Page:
Current Maintenance Therapies

Throughout my time with Crohn’s Disease, I have tried every class of medication: 5-ASA agents, steroids, antibiotics, immunomodulators, and biologic therapies. When my disease was mild, I even went a year or so without any medication at all thanks to good health and diet habits. As much as I do not like being on medication, many of which come with extreme side effects, I have no other choice at this point. Because my disease is now categorized as severe (wow, sounds so serious), I have no other option but to take medication to achieve remission and avoid flare-ups.
            The last resort treatment regimen for a person with Crohn’s Disease is typically a biologic therapy. In June of 2015, I started Remicade infusions after a severe flare that resulted in a week-long hospitalization. I would go to the infusion center at the hospital every few weeks and sit as an IV pumped the drug into my body. This worked pretty well for a few months until my body became unresponsive. I was thrown back into a flare yet again, this time with even more severe symptoms, most noticeably a pretty bad case of Erythema Nodosum (a fancy way of saying that my legs swell from inflammation so badly that I cannot walk… very painful). I was given a double dose of Remicade during that hospital stay, to which my body did not respond.
Taking a nap during a Remicade infusion.
            Next up on the drug checklist was Humira, as featured on the television commercials I am sure you have seen advertised. I was excited about trying Humira because I would no longer need to spend a day at the infusion center as I did for my Remicade infusions. Instead, I could inject the shot in the comfort of my own home. I get the medication delivered right to my doorstep; the convenience factor is definitely a plus. Moreover, being the tech-savvy millennial that I am, I am also pretty thrilled that Humira even has an app for my iPhone that reminds me when to take my shot and where my last injection site was.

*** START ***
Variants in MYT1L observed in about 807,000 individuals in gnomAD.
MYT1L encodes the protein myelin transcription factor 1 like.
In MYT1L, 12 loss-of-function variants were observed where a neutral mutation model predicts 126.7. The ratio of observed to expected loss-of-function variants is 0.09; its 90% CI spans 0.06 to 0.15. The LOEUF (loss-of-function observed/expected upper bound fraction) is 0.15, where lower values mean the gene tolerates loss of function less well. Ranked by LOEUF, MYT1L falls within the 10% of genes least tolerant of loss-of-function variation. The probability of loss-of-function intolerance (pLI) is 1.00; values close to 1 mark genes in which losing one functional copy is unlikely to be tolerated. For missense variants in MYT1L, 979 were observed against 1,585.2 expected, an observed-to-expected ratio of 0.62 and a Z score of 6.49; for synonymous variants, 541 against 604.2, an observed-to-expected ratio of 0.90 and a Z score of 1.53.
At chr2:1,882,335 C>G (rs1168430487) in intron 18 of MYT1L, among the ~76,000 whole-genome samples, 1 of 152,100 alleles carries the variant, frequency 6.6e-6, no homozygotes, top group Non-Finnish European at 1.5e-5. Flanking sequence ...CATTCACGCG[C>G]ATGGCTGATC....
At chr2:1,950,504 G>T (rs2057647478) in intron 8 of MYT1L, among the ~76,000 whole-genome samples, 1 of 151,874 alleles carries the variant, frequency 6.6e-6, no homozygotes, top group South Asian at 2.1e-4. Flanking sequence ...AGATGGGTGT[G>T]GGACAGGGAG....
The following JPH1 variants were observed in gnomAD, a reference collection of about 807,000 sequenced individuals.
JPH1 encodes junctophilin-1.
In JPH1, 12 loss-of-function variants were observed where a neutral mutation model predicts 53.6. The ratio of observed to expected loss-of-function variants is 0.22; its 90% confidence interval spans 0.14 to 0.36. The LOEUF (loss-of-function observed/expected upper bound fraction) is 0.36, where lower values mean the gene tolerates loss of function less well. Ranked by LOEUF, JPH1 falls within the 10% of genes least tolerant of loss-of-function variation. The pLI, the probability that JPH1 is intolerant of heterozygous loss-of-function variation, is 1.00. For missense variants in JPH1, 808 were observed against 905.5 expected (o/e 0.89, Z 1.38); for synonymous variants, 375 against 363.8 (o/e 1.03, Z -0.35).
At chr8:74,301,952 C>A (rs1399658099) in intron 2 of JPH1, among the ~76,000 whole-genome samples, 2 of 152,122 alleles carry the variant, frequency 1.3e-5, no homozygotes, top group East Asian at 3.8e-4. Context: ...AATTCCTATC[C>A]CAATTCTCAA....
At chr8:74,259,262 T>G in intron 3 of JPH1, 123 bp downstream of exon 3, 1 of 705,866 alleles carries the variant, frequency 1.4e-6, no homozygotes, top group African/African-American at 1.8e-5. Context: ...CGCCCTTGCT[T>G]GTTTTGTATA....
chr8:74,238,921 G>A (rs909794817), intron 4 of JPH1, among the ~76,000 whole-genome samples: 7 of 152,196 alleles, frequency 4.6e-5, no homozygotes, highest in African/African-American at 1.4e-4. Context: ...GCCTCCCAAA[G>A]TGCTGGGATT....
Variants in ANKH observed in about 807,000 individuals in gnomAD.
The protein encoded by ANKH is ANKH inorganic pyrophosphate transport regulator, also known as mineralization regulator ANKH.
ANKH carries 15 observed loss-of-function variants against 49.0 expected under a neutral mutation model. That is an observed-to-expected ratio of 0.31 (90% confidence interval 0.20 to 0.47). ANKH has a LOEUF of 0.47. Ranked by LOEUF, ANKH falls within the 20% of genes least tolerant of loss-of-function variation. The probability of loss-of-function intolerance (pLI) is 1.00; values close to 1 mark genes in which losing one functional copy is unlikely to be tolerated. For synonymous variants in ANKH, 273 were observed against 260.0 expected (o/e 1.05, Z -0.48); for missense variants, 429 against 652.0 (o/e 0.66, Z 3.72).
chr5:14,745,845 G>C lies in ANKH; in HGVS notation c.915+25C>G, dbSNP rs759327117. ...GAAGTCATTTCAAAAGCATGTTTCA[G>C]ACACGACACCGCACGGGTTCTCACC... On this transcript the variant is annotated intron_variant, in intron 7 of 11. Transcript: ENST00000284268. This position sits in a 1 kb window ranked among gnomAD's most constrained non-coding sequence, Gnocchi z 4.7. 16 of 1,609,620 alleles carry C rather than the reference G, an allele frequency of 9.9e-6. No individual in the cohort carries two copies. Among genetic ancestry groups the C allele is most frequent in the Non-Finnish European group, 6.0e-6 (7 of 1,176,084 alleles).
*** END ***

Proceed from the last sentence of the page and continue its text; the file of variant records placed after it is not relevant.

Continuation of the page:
If there isn't a selfie, did it even happen?
After my initial loading doses, I was started on bi-weekly shots. I needed to do a larger loading dose than what is typically prescribed because my flare was so serious; this thankfully helped put me into a bit of a remission. My doctor wanted me on a weekly schedule right off the bat, but unfortunately this was denied by my insurance because there is a waiting period before they will approve an accelerated dosing regimen.
After a few months on Humira, my flare had never completely subsided. I had two surgeries due to abscesses and fistulas, the Erythema Nodosum was reappearing on my legs with a vengeance, and my overall health was not where it should have been for a patient on a biologic medication. Because of these factors, my doctors pushed for weekly Humira again and this time it was approved (which brings us to present day, June 2016).
Humira comes in pen form (which is what I have) or in syringe form (which is more complicated to administer but supposedly less painful). Much to my surprise, the shots are not even half as painful as some people claim they are; be careful reading forums online, it is easy to get yourself worked up over nothing. To someone like me who experiences pain on a daily basis, Humira shots are a walk in the park!